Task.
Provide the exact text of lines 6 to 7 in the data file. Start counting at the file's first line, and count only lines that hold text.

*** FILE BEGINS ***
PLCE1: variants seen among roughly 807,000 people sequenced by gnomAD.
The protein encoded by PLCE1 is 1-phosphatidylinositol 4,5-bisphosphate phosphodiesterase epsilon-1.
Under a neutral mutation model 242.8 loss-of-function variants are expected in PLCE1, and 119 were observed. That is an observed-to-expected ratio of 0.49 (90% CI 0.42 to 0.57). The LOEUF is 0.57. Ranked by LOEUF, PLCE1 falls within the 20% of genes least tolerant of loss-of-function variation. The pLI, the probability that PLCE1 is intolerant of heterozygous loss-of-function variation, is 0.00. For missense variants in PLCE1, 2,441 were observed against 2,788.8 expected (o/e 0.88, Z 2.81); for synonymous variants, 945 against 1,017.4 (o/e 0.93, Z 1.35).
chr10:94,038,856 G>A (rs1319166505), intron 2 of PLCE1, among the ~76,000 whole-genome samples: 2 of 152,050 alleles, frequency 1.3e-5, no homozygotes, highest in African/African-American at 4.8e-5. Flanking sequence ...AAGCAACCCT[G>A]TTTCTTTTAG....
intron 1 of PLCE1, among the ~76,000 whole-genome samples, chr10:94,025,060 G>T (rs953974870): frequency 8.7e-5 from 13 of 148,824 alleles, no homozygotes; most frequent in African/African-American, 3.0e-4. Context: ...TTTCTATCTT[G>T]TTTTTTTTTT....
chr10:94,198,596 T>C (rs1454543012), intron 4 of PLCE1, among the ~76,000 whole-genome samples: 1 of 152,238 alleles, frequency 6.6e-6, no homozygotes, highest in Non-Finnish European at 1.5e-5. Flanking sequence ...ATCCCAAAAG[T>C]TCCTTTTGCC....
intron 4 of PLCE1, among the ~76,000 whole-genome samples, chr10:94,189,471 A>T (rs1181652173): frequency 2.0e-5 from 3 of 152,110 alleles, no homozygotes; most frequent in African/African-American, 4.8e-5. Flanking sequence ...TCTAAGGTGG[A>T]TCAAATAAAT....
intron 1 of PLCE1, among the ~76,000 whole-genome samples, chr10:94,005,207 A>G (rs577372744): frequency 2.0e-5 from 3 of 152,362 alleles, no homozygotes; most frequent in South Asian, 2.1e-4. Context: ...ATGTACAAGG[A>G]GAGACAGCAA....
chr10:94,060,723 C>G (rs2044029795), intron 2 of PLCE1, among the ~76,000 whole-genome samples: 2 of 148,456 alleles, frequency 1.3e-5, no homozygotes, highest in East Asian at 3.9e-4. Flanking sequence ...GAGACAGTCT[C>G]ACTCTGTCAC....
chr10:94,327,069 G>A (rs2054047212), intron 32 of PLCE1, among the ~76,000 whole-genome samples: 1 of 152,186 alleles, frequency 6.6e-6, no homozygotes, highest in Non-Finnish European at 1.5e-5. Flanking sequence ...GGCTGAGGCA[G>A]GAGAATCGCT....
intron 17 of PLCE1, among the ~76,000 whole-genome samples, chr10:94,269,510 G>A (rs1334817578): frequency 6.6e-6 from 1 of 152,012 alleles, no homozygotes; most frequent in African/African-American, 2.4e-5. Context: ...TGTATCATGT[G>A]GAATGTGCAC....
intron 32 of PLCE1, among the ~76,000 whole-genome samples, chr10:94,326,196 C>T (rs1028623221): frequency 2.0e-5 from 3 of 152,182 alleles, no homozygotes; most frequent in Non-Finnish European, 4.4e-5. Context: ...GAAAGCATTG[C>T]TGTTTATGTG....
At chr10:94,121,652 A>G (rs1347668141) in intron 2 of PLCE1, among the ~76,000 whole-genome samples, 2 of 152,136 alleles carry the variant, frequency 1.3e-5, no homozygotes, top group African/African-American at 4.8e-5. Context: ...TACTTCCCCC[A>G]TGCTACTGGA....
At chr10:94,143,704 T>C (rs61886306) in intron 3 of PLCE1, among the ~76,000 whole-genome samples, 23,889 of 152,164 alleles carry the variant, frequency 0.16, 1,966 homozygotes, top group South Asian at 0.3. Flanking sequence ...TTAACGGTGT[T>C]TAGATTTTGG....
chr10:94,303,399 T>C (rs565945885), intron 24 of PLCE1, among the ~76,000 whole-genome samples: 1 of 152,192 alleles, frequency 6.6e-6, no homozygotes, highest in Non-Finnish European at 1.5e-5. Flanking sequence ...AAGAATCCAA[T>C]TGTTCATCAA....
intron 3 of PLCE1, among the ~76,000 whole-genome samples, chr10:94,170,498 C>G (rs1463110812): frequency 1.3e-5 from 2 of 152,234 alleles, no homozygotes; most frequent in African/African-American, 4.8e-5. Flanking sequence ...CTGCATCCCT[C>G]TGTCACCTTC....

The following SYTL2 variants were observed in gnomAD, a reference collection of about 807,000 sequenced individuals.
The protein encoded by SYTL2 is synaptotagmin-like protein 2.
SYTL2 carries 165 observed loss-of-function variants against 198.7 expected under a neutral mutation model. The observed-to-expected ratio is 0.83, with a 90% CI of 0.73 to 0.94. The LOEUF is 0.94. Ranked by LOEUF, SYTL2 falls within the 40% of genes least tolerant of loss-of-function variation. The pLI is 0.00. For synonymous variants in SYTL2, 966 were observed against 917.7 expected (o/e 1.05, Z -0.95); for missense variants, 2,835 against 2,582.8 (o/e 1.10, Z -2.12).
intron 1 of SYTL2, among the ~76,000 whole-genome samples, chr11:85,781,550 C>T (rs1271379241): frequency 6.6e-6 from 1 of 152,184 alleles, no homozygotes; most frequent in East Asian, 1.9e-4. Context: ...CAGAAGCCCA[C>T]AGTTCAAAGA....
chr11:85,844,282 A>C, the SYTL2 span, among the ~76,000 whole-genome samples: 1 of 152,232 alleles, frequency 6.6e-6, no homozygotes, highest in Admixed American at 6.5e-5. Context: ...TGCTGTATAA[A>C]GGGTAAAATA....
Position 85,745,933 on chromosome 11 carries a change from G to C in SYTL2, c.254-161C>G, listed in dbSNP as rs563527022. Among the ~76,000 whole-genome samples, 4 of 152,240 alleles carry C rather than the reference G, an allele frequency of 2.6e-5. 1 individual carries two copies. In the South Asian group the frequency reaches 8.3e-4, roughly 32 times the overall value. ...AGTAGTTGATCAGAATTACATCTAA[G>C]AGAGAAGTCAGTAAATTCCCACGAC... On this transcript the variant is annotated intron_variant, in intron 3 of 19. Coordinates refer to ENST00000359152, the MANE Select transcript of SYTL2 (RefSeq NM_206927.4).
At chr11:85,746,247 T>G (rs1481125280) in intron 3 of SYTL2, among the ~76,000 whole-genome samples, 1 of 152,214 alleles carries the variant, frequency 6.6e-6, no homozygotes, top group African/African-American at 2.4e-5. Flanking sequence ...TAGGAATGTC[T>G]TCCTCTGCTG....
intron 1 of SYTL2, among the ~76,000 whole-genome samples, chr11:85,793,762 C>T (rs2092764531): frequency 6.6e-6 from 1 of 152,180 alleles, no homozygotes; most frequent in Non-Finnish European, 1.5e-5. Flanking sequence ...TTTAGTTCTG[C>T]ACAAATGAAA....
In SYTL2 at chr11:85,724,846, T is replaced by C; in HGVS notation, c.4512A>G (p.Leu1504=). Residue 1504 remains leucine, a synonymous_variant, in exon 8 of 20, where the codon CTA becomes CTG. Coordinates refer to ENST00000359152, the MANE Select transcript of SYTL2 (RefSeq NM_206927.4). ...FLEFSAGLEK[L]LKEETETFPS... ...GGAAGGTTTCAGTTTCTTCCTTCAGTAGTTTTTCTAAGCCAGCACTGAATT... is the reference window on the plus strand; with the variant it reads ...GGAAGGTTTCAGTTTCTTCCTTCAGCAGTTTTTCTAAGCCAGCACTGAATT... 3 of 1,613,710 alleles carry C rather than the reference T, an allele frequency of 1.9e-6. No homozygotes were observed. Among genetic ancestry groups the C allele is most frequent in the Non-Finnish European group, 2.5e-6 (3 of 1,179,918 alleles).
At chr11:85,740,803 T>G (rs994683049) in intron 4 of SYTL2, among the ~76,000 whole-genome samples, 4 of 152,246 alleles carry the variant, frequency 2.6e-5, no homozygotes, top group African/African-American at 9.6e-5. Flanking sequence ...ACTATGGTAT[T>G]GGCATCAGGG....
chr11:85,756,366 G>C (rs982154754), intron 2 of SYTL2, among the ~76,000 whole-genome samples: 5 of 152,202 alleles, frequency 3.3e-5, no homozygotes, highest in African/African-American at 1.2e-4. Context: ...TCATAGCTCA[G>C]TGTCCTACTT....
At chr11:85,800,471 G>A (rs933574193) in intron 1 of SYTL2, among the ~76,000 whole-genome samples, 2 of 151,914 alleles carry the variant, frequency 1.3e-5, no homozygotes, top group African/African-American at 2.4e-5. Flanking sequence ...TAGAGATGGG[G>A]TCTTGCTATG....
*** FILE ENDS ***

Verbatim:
chr10:94,198,596 T>C (rs1454543012), intron 4 of PLCE1, among the ~76,000 whole-genome samples: 1 of 152,238 alleles, frequency 6.6e-6, no homozygotes, highest in Non-Finnish European at 1.5e-5. Flanking sequence ...ATCCCAAAAG[T>C]TCCTTTTGCC....
intron 4 of PLCE1, among the ~76,000 whole-genome samples, chr10:94,189,471 A>T (rs1181652173): frequency 2.0e-5 from 3 of 152,110 alleles, no homozygotes; most frequent in African/African-American, 4.8e-5. Flanking sequence ...TCTAAGGTGG[A>T]TCAAATAAAT....